Thursday, 21 March 2013

"The Bother Symptom"

It takes courage to follow your dreams, because there is always this fear that you will never reach them. For as long as you turn away from them you can tell yourself and others that you could achieve them if only you tried.

I'm certainly guilty of the later. Not so much because I am afraid I'll never reach the dream - well, if I am honest that's part of it too - but mostly because I'm one of the laziest persons you'll ever come across. And a perfectionist on top of that. Add these three together and you get a person who really, truly struggle to get anything much done at all.

Before we get into the actual post about this issue, it might be a good thing to take a break and pour yourself something delicious to drink. This is a long post you see. I do recommend the Mango and Cardamon Lassi by My Darling Lemon Thyme if you happen to have some nice mangoes at hand. Frozen works, but doesn't taste half as good as really ripe fresh ones.

Anyhow, now when you have your drink of choice, let's get back to the problem of not getting anything much done at all. We call it "the bother symptom" in my home. You know you ought to do a particular thing, because the outcome will be good for you. In fact, the outcome is something you really desire. But here's the catch: you will have to actually do something for quite some time to achieve the desired outcome. It is not an instant reward. Let's say the outcome would be finally getting back into that size six again which you have not been able to wear since upper secondary school. Or rather, since after you finally stopped being tortured twice a week with P.E. and dance classes.

You know you really want to be a size six again, because you remember how good you felt back then. How light, how strong. And well, let's face it, you have this strange belief that a size six is just that much more attractive than your current almost size ten which you try to tell yourself is really just a big size eight. Even though the only eight you can possibly fit into is a skirt with elastic waist. There are, in other words, a lot of good things attached to the end outcome.

But at the same time, you have to actually pull yourself together. Really pull yourself together. That is, do something you are not that terribly fond of.

You do set out with the best of intentions, for that first week. You even buy the required tools, thinking they will help you stay motivated. And the first week, all is well and good, but this is a long term commitment. One week does not really give you any result at all, except muscles that hurt.

Two weeks does not really yield much better results and by the third week...

The third week, something comes in between your resolve to reach your goal and you working actively towards reaching it. It might be a mild cold. Which you use as an excuse not to exercise for one, and two, and four, and eight days. And suddenly, you are back at square one again. Not having exercised in some time. You do start again, and again, and again. Until one morning you just say "oh, bother!" and throw in the towel and decide to be happy with your nearly size ten.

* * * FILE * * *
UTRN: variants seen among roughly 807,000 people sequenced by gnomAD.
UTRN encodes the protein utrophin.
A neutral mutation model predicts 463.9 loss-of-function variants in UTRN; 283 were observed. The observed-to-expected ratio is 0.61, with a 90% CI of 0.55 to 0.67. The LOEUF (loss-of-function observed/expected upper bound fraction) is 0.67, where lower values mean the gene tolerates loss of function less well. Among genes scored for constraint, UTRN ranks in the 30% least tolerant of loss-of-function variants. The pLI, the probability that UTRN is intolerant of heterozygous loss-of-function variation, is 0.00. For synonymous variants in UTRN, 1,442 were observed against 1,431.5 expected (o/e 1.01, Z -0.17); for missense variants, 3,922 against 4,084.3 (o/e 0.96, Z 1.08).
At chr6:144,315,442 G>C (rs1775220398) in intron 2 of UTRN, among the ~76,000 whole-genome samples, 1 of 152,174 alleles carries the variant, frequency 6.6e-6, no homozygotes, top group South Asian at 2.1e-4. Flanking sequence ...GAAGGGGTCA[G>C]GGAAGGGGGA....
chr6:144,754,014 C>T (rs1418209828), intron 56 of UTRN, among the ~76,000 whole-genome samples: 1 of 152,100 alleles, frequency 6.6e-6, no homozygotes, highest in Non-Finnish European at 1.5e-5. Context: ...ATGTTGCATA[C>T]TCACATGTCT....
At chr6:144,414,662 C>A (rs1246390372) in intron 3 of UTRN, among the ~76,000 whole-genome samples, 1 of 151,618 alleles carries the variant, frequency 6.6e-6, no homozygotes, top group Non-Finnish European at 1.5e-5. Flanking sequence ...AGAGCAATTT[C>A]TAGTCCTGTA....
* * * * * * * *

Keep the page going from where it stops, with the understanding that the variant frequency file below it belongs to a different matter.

If it was only a case of not exercising, all would perhaps be well and good. But in my case, it extends to almost all parts of my life. Like so many others I've always had this dream of becoming an author. It is a common enough dream. I see people around me, achieve it all the time. So I know it is achievable. But it is only achievable if you persevere. I give up on my stories already when the main character is, of some reason, falling in love with the wrong person and the villain turns out to be tender hearted. I do begin again, and again, and again...

But the perfectionist in me is never happy. And the "oh, bother!" feeling takes over so quickly.

I don't think there is a cure to "the bother symptom", sadly. Doctor's don't seem to take it seriously, and so no one is working on an effective medicine. We, who are affected, have to manage our symptoms best we can. For me, personally, I found my key to managing when I listened to a wonderful speech by Neil Gaiman where he talks about his mountain and how he always tries to move towards it in everything he does. My key?

Keep a list of achievements for each and every day.

It might sound like the same as a to-do list. But a to-do has never really worked for me to overcome the "oh, bother!" feeling. Rather, it adds to it, as the things I have not done constantly grows. Instead, I keep an achievement list. Noting down only things I have achieved already each and every day that moves me towards my various goals in life. Some of them are small goals, such as having a clean home. Other goals are large ones, such as planting an orchard. There are a thousand and one little things that I do every day that move me towards these goals. And when I see that I am moving towards my mountain, in black and white or sometimes a colour of rainbows when the mood strikes me, I feel better. The "oh, bother" feeling recedes and suddenly I get things done and keep getting things done.